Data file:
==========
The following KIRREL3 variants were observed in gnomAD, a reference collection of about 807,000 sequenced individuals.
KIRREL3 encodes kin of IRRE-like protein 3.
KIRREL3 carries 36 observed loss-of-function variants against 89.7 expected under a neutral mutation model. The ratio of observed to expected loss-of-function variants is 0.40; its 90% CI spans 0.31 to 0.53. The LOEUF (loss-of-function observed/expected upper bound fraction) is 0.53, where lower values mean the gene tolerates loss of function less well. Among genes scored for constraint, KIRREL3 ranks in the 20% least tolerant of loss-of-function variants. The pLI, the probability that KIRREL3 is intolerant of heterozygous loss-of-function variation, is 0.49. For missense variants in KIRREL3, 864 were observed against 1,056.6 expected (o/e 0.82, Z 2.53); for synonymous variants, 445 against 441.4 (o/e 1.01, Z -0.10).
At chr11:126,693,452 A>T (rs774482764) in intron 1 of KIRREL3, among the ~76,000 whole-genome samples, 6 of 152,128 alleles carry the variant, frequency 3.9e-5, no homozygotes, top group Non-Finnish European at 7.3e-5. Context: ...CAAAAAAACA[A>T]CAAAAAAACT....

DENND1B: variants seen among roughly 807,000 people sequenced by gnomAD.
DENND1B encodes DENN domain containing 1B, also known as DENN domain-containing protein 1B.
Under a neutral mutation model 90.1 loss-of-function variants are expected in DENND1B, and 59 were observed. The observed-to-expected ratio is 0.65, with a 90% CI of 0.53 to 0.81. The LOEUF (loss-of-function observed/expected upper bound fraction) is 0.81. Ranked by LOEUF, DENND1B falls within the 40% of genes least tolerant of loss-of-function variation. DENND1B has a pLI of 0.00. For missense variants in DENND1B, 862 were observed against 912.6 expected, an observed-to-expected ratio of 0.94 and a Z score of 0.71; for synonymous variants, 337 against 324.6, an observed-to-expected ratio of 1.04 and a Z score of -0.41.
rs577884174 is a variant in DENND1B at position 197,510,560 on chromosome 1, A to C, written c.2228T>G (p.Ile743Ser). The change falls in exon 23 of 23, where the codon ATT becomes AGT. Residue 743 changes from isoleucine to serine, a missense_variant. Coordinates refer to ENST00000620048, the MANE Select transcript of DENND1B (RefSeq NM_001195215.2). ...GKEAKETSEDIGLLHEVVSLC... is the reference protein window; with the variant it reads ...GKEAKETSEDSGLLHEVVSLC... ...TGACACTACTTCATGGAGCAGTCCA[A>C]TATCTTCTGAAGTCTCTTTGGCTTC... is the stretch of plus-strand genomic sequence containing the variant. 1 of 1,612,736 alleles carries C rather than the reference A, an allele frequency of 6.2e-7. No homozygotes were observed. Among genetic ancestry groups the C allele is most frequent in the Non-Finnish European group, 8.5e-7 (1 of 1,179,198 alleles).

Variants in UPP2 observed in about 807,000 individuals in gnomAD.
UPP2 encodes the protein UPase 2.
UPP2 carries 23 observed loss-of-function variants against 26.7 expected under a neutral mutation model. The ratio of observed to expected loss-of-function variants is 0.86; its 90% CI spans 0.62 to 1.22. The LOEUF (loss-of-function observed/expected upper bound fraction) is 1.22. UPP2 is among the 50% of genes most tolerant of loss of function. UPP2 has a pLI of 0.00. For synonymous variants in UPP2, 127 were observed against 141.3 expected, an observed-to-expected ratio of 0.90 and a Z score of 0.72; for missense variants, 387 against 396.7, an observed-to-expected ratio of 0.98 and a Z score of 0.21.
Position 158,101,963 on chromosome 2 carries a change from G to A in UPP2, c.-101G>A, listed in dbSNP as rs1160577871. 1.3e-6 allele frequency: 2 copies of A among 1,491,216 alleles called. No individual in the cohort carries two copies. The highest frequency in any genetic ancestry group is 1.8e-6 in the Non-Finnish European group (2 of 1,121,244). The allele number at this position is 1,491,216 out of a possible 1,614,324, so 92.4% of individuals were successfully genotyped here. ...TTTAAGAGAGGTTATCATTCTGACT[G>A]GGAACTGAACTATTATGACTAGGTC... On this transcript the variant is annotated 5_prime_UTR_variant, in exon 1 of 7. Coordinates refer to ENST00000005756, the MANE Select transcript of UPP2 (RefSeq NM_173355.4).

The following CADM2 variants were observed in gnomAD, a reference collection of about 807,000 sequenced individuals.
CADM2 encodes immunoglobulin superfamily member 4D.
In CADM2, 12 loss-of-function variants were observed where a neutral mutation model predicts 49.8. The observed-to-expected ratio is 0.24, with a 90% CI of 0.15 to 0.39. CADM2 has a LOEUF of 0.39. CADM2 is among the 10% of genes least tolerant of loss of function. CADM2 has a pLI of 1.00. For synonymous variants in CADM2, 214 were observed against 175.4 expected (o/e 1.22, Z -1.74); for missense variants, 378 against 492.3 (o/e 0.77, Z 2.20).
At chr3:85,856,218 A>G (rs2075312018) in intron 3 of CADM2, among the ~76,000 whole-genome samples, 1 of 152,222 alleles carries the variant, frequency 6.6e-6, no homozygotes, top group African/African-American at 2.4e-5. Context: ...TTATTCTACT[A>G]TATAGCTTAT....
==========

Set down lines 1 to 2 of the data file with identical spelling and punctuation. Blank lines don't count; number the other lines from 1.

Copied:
The following KIRREL3 variants were observed in gnomAD, a reference collection of about 807,000 sequenced individuals.
KIRREL3 encodes kin of IRRE-like protein 3.